(V) bleaching the formed silver and removing substantially all silver from the photographic material by fixing and rinsing.
In the formation of the last relief pattern the exposure of the photographic material may proceed uniformly in order to fog the residual still light-sensitive silver halide or may proceed by uniformly chemically fogging said silver halide before relief formation.
In some but not all of the development steps the colourless coupling agent can be omitted when a thickness-increase therefrom is not needed.
A preferred process for the manufacture of a multi-colour relief element according to the present invention comprises the steps of:
(I) pattern-wise photo-exposing a photographic silver halide emulsion material comprising on a support a single gelatin containing silver halide emulsion layer to form a first latent pattern of exposed silver halide,
(II) treating the exposed silver halide emulsion layer with an aqueous solution containing a chromagenic colour coupler and at least one chromogenic developing agent that is oxidized pattern-wise and forms a silver pattern and a pattern of (a) dye(s) and allowing at least one colourless coupling agent to form a diffusion resistant colourless reaction product(s) by reaction with oxidized developing agent increasing thereby the thickness of said layer in the exposed portions,
(III) repeating step (I) but exposing the silver halide emulsion layer material in areas different from the areas exposed in said step (I),
(IV) repeating step (II) to form a pattern of (an) other dye(s) with different spectral absorption, optionally repeating the steps (III) and (IV) to form each time a different colour pattern in other previously non-exposed areas, and
(V) bleaching the formed silver and removing substantially all silver from the photographic material by fixing and rinsing.
FIG. 1 represents a curve showing percentage of visible light transmission (% T) versus the already explained ratio Δn·d/λ.
FIG. 2 represents a schematic cross-sectional view of a part of a multi-colour mosaic type filter relief element manufactured according to the present invention, taken generally along line 2--2' in FIG. 3.
FIG. 3 is a plan view of such filter relief element comprising areas of rectangular shape for transmitting respectively red, green and blue light.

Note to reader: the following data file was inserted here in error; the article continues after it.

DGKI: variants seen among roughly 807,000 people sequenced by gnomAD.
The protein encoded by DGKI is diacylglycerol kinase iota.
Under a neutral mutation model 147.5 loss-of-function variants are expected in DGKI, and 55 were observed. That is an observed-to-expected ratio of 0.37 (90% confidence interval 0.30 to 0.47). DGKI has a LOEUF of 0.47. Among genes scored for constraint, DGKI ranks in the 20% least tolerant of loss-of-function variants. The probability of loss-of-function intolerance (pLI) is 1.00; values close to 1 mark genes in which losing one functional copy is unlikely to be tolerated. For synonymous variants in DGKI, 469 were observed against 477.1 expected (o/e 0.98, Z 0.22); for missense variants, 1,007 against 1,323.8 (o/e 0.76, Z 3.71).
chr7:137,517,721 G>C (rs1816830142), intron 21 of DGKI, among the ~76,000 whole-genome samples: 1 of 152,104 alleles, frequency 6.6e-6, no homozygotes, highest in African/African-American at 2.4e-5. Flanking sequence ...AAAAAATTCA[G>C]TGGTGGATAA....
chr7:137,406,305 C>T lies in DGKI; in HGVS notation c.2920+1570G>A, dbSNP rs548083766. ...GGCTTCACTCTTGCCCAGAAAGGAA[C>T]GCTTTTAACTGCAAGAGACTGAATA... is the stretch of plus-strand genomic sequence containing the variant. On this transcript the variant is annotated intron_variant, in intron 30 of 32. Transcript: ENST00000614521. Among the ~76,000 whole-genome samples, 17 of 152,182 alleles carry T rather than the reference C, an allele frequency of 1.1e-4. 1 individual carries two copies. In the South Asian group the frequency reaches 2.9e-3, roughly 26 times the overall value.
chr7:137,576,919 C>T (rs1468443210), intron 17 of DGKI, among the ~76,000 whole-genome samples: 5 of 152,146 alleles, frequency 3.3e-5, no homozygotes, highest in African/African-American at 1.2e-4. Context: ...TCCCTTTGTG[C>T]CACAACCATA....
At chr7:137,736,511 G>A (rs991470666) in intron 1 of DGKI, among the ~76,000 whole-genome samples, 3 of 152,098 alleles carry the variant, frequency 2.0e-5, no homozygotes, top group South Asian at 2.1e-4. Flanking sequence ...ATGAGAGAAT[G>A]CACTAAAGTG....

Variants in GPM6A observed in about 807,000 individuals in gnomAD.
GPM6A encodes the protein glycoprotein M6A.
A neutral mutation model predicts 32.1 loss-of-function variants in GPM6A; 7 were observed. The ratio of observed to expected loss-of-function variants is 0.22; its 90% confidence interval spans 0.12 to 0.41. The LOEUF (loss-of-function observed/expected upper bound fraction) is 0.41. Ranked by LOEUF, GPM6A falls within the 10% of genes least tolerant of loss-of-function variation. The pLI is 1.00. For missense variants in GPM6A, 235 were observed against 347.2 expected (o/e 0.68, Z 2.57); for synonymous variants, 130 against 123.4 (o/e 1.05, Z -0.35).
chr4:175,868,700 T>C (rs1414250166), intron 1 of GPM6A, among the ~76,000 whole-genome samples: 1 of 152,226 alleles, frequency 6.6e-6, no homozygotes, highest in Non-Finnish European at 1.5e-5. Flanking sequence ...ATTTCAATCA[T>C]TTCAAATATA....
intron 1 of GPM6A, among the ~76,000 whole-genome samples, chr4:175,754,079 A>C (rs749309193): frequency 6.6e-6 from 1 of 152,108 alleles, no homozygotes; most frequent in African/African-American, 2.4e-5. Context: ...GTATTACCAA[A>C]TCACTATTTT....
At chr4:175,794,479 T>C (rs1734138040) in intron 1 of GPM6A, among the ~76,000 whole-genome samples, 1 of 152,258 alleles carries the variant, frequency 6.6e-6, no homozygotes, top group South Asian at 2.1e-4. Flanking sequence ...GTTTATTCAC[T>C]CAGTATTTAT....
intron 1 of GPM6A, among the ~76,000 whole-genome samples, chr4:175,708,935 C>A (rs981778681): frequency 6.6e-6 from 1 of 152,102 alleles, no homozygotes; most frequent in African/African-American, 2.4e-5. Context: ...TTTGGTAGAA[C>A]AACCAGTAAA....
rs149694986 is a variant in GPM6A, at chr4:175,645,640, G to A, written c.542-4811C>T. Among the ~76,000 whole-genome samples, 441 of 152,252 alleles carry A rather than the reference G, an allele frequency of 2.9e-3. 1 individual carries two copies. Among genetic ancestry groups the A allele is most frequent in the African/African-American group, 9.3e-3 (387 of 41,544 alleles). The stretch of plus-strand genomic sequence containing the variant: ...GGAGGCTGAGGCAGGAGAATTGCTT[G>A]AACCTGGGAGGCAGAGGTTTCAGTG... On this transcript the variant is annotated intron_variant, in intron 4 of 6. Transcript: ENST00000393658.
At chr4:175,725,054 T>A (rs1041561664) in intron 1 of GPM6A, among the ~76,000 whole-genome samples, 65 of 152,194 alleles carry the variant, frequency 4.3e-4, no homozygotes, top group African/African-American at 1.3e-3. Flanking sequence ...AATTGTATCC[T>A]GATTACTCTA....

FIG. 4 represents a schematic cross-sectional view of a full-colour matrix liquid-crystal display including a multi-colour filter relief element according to the present invention.
FIG. 5 relates to curves representing the change in thickness (expressed in microns) of a photographic layer versus its optical density (D) obtained with development respectively proceeding in the presence and absence respectively of a colourless coupling agent.
The colourless coupling agent is a colourless substance that according to techniques known in the photographic art of silver halide photography forms a colourless reaction product with oxidized developing agent. The colourless coupling agent may be applied from a developing bath and/or treating bath preceding and/or following the development of the exposed silver halide.
The mechanism of coupling reactions to colourless reactions products and representatives of such colourless coupling agents are discussed by W. Puschel in "Mitteilungen aus den Forschungslaboratorien der Agfa-Gevaert AG Leverkusen--Munchen Band IV--Springer Verlag Berlin, Heidelberg and New York (1964) in the article "Zur Chemie der Weisskuppler".
Examples of colourless coupling agents are described in the German Offenlegungschrift (DE-OS) No. 1 909 067 and in the prior art mentioned therein.
Colourless coupling agents that are suited for use according to the present invention for the formation of diffusion resistant colourless compounds by coupling with oxidized p-phenylene diamine type colour developing agents correspond more particularly to the following general formula: ##STR1## wherein:
R1 and R2 (same or different) represent a hydrocarbon group or a substituted hydrocarbon group, e.g. an alkyl group or an aryl group, preferably phenyl, or a --COR or a --SO2 R group, wherein R represents an alkyl group or an aryl or heterocyclic group optionally substituted with alkyl, fluoroalkyl, cyano, halogen, --OR11, --SR11, --COOR11, --CONHR11, --NHCOR11, --NHSO2 R11, --SO2 R11 or --SO2 NHR11 group wherein R11 represents alkyl, aryl or a heterocyclic group, and R4 is hydrogen or together with R2 and the nitrogen atom linked therebetween represents the necessary atoms to close a heterocyclic ring, e.g. pyrrolidine, piperidine or morpholine ring, and
R3 represents a lower (C1 -C5) alkyl group including said alkyl group in substituted form, e.g. methyl.
The terminology "diffusion resistant" is known from silver halide photochemistry and means that the compound in question is resistant to diffusion in hydrophilic colloid medium under wet alkaline conditions applied in the development of the silver halide to silver metal.
According to a particular embodiment the colourless coupling agent is present in the photographic material already before its exposure.
Representatives of colourless coupling agents according to the above general formula yielding particular good results when used according to the present invention are listed hereinafter in Table 1 followed by their preparation.